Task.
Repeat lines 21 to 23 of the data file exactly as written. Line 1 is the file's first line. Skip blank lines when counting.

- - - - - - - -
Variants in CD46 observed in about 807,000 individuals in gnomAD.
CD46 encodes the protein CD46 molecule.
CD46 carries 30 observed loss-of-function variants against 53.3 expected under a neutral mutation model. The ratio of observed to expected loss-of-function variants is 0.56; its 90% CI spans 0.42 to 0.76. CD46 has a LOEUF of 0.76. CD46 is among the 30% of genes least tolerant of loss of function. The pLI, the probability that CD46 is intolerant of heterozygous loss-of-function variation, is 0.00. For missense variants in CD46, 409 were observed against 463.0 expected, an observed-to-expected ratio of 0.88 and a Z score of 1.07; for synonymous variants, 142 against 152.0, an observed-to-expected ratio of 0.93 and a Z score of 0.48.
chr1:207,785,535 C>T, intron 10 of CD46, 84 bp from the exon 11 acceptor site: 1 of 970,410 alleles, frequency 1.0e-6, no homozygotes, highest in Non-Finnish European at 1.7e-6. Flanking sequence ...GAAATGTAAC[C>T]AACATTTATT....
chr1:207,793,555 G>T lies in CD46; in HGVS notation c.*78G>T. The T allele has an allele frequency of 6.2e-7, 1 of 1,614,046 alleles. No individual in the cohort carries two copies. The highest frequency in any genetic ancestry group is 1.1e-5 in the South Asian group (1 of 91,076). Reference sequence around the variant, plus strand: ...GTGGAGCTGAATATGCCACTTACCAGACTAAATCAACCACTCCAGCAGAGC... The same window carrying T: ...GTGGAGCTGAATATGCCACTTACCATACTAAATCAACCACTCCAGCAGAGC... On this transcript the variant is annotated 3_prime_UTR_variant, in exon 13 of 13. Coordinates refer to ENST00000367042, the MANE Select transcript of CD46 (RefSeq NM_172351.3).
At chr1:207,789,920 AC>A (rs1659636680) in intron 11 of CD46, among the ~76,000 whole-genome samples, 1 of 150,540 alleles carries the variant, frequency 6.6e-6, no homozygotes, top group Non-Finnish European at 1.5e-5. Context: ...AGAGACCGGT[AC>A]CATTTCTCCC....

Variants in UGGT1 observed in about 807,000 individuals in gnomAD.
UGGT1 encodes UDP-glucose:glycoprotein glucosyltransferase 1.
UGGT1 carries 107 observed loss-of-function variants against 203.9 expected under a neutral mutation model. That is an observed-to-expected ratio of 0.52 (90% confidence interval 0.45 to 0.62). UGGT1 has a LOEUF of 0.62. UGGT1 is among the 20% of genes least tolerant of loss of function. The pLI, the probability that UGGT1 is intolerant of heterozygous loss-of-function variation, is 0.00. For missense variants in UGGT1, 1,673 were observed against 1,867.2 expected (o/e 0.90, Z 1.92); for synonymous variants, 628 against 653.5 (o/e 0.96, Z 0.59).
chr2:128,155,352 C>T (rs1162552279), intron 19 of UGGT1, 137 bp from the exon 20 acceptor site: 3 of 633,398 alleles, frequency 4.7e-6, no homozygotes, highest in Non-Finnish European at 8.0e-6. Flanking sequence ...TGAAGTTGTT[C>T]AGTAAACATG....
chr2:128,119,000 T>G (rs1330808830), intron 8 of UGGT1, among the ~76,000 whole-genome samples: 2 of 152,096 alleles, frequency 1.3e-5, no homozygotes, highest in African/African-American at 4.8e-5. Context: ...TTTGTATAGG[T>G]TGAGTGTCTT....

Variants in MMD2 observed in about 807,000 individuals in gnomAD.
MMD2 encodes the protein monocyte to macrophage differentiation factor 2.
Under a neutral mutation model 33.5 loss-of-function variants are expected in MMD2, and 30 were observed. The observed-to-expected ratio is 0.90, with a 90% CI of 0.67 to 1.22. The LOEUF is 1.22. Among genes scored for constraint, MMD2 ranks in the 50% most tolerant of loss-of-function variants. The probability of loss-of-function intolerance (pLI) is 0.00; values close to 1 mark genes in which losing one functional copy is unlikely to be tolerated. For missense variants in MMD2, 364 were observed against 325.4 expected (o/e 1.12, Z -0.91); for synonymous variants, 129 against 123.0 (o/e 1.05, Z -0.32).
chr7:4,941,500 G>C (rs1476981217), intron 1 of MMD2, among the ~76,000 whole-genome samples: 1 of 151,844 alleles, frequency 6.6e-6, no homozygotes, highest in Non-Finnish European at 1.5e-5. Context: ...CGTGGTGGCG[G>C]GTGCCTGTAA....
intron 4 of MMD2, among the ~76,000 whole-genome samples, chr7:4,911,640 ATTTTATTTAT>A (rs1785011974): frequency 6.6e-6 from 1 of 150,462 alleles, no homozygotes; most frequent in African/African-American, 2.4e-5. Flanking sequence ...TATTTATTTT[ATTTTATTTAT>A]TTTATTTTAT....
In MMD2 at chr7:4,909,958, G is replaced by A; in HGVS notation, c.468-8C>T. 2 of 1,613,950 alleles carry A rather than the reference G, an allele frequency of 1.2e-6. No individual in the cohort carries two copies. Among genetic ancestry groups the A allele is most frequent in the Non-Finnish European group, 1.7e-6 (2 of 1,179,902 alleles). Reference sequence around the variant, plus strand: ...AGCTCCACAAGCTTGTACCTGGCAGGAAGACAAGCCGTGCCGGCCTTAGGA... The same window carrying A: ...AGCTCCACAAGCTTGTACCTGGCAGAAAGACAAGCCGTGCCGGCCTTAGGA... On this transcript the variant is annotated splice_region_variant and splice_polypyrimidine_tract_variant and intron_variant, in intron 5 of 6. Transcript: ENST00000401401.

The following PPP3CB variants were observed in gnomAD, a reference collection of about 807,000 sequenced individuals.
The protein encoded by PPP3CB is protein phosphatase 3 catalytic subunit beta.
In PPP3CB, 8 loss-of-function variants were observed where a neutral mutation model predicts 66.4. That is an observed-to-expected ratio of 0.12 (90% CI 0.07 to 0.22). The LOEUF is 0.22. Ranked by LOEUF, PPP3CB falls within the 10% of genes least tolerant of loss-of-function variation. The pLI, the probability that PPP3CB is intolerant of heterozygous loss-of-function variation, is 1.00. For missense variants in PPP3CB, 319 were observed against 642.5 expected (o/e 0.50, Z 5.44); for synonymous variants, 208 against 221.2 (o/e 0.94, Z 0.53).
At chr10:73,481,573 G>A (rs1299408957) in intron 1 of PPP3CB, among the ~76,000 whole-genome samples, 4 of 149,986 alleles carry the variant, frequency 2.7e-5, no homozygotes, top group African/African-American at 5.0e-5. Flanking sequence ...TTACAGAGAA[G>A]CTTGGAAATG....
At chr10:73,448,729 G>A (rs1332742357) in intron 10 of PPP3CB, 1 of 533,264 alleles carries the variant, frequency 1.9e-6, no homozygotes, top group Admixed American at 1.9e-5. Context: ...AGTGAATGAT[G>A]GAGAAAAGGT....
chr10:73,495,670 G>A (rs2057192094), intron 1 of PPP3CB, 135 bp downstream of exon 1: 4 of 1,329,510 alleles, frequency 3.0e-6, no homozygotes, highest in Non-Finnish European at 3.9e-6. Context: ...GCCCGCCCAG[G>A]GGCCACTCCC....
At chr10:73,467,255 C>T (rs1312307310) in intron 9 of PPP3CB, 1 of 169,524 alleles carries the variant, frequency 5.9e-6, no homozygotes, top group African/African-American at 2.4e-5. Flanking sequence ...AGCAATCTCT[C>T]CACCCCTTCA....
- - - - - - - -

At chr10:73,481,573 G>A (rs1299408957) in intron 1 of PPP3CB, among the ~76,000 whole-genome samples, 4 of 149,986 alleles carry the variant, frequency 2.7e-5, no homozygotes, top group African/African-American at 5.0e-5. Flanking sequence ...TTACAGAGAA[G>A]CTTGGAAATG....
At chr10:73,448,729 G>A (rs1332742357) in intron 10 of PPP3CB, 1 of 533,264 alleles carries the variant, frequency 1.9e-6, no homozygotes, top group Admixed American at 1.9e-5. Context: ...AGTGAATGAT[G>A]GAGAAAAGGT....
chr10:73,495,670 G>A (rs2057192094), intron 1 of PPP3CB, 135 bp downstream of exon 1: 4 of 1,329,510 alleles, frequency 3.0e-6, no homozygotes, highest in Non-Finnish European at 3.9e-6. Context: ...GCCCGCCCAG[G>A]GGCCACTCCC....